Warning, WARNING, Will Robertson! If you follow the link given in this item to the Gildings announcement page, you'll see a prominent "Download" button, virtually inviting you to click it thinking it's something you need to view the catalog. It is actually a link to an insidious piece of virus-ware called "WiseConvert". DO NOT install this thing! It does nothing useful and takes ages to get rid of. This is happening more and more and I damn for all time, forever, and unto eternity the website designers who design links like this to entice the unwary to download and install things like WiseConnect, and especially Babylon (which I still have not completely got rid of) in order to line their pockets with a few extra pennies. To see the actual auction catalog, simply click the far less obvious "Browse Catalog Online" link, located unobtrusively towards the upper right of the page.
More Must Be Better
At first glance, this 1947 diesel is quite conventional, however there are a number of features which drag it out of the ordinary, well into the realms of the noteworthy. The engine is the Clan .9cc, from Glasgow and our review came about as I started entering hyperlinks for nine different diesels listed by Adrian Duncan at the start of his Thermite review. We had pages for eight of them and I knew I had a photo for the ninth, so decided to do a "quickie" review. What can I say? Like Popsie, it just 'growed. It's amazing what can be dug up when your Library is obscenely large, and you have people to help like ECJ head honcho, Tim Dannels, Les Stone, and others. This little 'fella may just get the MBI plan treatment before too long, too.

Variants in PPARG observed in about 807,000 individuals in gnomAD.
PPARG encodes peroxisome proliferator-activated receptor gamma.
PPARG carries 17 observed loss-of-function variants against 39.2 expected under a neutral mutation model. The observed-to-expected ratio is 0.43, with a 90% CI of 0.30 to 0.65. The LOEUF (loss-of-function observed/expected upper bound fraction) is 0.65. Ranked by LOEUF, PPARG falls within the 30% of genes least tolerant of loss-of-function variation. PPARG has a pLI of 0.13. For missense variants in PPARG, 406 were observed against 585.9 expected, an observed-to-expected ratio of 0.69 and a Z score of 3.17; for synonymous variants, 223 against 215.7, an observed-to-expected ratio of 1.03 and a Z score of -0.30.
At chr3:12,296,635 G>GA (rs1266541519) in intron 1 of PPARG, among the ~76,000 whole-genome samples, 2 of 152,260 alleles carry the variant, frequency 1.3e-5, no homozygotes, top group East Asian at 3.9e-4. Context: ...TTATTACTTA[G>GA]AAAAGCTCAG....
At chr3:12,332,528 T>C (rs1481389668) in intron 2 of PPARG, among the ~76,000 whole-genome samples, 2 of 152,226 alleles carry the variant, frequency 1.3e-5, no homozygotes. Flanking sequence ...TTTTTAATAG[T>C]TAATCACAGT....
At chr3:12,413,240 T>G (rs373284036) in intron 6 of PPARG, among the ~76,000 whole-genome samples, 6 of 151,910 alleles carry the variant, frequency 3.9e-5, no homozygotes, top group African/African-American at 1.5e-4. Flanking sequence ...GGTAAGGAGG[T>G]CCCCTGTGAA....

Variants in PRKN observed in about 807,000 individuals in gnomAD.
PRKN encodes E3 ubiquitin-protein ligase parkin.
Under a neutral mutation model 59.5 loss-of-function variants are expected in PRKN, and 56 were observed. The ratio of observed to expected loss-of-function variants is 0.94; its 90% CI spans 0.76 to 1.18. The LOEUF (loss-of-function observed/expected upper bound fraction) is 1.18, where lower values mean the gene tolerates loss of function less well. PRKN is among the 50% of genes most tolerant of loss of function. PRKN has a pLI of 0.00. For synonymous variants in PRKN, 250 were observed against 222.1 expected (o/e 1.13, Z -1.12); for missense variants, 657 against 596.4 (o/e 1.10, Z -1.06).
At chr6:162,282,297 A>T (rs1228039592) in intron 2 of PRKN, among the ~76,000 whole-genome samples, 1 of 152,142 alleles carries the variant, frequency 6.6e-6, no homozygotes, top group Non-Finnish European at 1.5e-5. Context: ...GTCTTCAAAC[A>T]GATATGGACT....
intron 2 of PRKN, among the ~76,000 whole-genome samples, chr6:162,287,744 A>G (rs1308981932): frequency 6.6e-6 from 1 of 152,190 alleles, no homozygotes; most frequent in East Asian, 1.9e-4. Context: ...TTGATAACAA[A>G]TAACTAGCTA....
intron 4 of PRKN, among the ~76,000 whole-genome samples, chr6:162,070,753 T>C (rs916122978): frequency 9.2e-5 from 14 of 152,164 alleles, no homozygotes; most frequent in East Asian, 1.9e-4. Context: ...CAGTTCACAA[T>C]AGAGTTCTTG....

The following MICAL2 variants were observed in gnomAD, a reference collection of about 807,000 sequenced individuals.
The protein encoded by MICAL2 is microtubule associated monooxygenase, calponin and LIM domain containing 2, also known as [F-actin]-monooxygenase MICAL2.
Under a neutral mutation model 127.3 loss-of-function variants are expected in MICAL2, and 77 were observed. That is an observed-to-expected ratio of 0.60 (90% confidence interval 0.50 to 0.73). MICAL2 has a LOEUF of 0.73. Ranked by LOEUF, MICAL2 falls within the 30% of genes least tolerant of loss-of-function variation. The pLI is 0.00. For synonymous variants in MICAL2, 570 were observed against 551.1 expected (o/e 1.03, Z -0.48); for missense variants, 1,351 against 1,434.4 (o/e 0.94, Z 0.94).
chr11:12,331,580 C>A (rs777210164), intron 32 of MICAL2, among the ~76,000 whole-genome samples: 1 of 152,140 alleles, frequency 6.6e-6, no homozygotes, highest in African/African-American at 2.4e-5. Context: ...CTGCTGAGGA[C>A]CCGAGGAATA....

Back in the late 80's when I was returning to aero modeling via F2B aerobatics after a ten year hiatus, I remember eying the Fitzpatrick 61 advertisements and lusting after the engine on its looks alone. I was saved by the fact that it was a Schnuerle ported engine and so, most likely useless for control line stunt where we want the engine to reliably "switch" between what is popularly called "four cycle" and "two cycle". After reading David Janson's Fitzpatrick 60 review, it appears I was saved from even worse disappointment. The history of the engine is quite an eye-opener, but to me at least, the Fitzpatrick is a delightful piece of eye-candy and I'm sorry I didn't buy it just as a thing of beauty, if nothing else. For the eagle-eyed (you know who you are), the review should also clear up why I've called the the engine I passed on a "61", while Janson uses "60" in his review title.
It Ain't Half Hot Mum
Readers in Commonwealth countries should recognize that title and the rest of you can look it up, or not. The oblique reference is to confirmation from Les Stone that, as mentioned last month, the crankcase of the Westbury Atom Minor Mk III runs too hot to touch, although it does run nicely. Engine design guru, Gordon Cornell has also weighed into the subject saying—quite correctly—that speculation is not worth a lot when tools like his ICE simulator are available which will model what is going on in the engine and allow you to alter individual parameters to evaluate changes before cutting metal. Gordon has sent the latest version to see what that might tell us. In the mean time, I've added pictures of Les' Atom Minor to his tribute page.